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Fly Fishing Articles by Davy Wotton
Tying The Sowscud
For the fly fisherman they form a very important part so far as the artificial is concerned, and also will enable many fish to be caught. Fly fishers generally refer to the fishing of such flies under the generic term of nymph fishing though this, of course, is not true in this case as scuds and sows are not nymphs. There are many fly patterns that exist that represent both scuds and sows but many more so in the case of the scud.
The naturals do vary in coloration and also size, overall shades in the light tan to tones of olive and olive gray will cover most needs if you want to represent a natural. No scuds contain the elements of bead heads and other fancy colors that are sometimes used, but as we know they will catch fish at times.
The White River system here in Arkansas has a massive population of both species and in consequence form a staple diet for the trout in the system. It makes sense to fish such artificial to catch those fish.
I am going to give you, for this month, a fly pattern that will work for both scuds and sows. Fish will not choose one over the other. If both species are found in the same body of water then the fish will eat them accordingly as they are found. This pattern essentially represents both. Overall the majority of scuds and sows will be of a olive/gray coloration and the basis for this fly represents that factor.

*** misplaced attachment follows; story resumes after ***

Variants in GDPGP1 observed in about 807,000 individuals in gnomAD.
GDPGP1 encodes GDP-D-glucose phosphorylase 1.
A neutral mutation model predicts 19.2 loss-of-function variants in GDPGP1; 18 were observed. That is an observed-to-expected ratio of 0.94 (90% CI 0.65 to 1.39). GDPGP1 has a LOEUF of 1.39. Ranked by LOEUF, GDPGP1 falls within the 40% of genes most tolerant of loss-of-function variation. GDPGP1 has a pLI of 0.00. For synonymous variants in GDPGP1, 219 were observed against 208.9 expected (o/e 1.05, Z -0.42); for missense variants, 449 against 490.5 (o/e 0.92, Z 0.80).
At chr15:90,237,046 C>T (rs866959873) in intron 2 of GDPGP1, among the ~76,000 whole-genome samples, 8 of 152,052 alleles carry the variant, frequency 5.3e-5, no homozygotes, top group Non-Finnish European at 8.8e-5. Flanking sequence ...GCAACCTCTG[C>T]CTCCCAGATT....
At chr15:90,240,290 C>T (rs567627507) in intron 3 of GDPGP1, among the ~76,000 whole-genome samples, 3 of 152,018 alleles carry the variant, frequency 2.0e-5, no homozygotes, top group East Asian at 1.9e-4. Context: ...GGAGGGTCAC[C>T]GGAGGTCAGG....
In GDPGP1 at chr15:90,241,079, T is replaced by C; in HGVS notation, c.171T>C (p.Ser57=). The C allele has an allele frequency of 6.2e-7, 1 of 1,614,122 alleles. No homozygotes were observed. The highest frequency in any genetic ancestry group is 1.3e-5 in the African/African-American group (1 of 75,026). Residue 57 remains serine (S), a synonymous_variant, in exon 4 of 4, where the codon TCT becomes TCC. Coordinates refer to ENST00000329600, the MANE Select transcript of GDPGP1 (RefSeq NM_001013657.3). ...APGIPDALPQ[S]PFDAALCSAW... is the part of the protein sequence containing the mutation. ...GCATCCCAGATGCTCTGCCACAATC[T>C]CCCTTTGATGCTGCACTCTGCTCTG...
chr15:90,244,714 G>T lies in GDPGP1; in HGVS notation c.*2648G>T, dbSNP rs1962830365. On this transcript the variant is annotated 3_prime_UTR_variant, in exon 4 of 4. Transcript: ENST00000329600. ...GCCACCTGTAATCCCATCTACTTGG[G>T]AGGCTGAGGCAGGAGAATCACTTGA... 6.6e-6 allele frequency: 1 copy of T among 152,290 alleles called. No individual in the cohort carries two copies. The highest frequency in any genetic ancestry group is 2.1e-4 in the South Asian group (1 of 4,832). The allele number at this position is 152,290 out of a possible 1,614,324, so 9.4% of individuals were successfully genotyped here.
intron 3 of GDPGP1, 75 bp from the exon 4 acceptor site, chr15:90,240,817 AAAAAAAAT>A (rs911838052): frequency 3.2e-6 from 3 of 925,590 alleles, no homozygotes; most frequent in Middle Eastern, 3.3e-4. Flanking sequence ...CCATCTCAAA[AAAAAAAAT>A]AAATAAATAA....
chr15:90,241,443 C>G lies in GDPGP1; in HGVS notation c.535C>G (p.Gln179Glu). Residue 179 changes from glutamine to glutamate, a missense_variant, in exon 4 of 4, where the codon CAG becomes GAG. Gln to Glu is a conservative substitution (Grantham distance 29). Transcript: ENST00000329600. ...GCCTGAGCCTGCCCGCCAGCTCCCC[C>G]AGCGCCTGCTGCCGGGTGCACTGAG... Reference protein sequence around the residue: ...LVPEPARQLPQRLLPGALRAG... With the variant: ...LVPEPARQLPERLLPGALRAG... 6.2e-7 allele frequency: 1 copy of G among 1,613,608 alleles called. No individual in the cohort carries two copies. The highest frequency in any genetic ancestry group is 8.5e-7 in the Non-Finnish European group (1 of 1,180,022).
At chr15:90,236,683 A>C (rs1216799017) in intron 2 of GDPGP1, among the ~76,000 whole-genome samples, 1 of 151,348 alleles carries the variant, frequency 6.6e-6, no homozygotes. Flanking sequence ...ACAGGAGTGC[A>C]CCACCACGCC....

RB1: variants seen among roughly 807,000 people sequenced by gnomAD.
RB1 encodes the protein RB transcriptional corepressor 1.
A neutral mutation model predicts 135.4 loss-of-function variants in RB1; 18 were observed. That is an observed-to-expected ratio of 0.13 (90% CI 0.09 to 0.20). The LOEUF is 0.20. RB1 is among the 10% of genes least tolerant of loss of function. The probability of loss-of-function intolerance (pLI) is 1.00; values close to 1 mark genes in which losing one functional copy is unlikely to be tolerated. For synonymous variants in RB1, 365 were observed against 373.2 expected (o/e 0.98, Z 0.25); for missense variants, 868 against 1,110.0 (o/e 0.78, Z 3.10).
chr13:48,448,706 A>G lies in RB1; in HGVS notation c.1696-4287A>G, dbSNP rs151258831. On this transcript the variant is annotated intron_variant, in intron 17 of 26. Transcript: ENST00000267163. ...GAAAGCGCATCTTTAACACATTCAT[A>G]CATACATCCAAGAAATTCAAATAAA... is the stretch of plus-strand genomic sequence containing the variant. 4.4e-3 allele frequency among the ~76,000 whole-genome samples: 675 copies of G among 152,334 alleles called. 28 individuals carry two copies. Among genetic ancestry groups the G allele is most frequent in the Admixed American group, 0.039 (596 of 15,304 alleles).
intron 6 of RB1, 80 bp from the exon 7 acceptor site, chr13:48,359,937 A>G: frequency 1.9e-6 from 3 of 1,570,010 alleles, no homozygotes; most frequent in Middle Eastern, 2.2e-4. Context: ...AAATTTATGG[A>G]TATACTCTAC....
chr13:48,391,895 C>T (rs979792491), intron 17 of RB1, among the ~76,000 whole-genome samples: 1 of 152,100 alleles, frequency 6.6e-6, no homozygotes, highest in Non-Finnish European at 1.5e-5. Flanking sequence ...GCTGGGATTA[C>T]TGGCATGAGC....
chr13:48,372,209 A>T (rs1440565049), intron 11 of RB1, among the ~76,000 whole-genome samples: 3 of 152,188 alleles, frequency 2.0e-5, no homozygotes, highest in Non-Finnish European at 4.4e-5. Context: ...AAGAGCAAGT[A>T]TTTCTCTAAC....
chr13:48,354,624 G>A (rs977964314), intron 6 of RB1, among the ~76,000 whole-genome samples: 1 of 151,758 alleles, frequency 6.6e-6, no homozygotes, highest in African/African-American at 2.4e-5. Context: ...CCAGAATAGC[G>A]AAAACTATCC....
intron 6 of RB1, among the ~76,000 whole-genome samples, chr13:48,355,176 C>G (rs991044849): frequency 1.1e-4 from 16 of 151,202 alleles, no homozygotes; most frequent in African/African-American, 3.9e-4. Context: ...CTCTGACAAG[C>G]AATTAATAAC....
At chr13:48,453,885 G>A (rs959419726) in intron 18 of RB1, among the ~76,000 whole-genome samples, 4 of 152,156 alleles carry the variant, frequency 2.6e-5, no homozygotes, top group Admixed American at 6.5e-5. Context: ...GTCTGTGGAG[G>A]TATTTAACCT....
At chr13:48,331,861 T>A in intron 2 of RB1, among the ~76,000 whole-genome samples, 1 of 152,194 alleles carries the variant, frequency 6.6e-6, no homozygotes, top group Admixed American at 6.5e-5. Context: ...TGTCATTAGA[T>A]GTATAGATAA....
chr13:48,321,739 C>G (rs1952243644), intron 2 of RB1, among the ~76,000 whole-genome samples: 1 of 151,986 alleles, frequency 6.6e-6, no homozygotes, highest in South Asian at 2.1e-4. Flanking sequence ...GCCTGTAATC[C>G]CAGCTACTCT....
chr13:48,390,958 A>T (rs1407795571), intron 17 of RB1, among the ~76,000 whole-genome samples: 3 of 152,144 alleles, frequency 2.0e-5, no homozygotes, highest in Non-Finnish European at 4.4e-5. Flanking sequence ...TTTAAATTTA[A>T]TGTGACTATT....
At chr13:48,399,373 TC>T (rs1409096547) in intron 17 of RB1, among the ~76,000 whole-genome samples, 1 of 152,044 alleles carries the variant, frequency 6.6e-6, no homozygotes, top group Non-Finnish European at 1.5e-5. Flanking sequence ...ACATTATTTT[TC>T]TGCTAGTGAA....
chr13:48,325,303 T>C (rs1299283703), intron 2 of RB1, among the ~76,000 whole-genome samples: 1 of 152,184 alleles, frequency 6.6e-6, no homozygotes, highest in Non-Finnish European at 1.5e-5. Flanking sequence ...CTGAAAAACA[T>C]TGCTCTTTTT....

So far as hooks are concerned, it is
popular to use curved bend hooks for scuds. The only real advantage is that a curved hook
is less likely to hook up on the river bed. So far as the fish's eye is concerned l have
yet to be convinced that it makes any difference, and l doubt that l ever will. Out of
choice l use a regular straight shank of a given size and weight. Hook sizes between sizes
12 to 16 for scuds and 14 to 18 for sows.
For the tail I use some of the fiber found on the feather from a jungle cock neck but if you do not have those available then a dark shade of grizzle or dun hackle fiber will work. After the tail has been tied in, tie in at the tail end of the fly the material you have chosen for the rib of the fly.
Next stage is to form the body definition with the dubbing of your choice to a position behind the hook eye. The legs of the fly are represented using ostrich herl. You will need the shade of natural which is a dark dun color tone. Tie this in at the head end of the fly and wind it back toward the tail, when you have reached that point the ribbing is brought back in the opposite spiral to the head of the fly. At that point the material is secured and the head of the fly is finished.
You may choose now to cut the ostrich
herl only above the fly body close to the body, you may also tease out some of the dubbing
to the underside of your completed fly. It is a very simple fly to tie but as you will
find out a very effective one to fish with.
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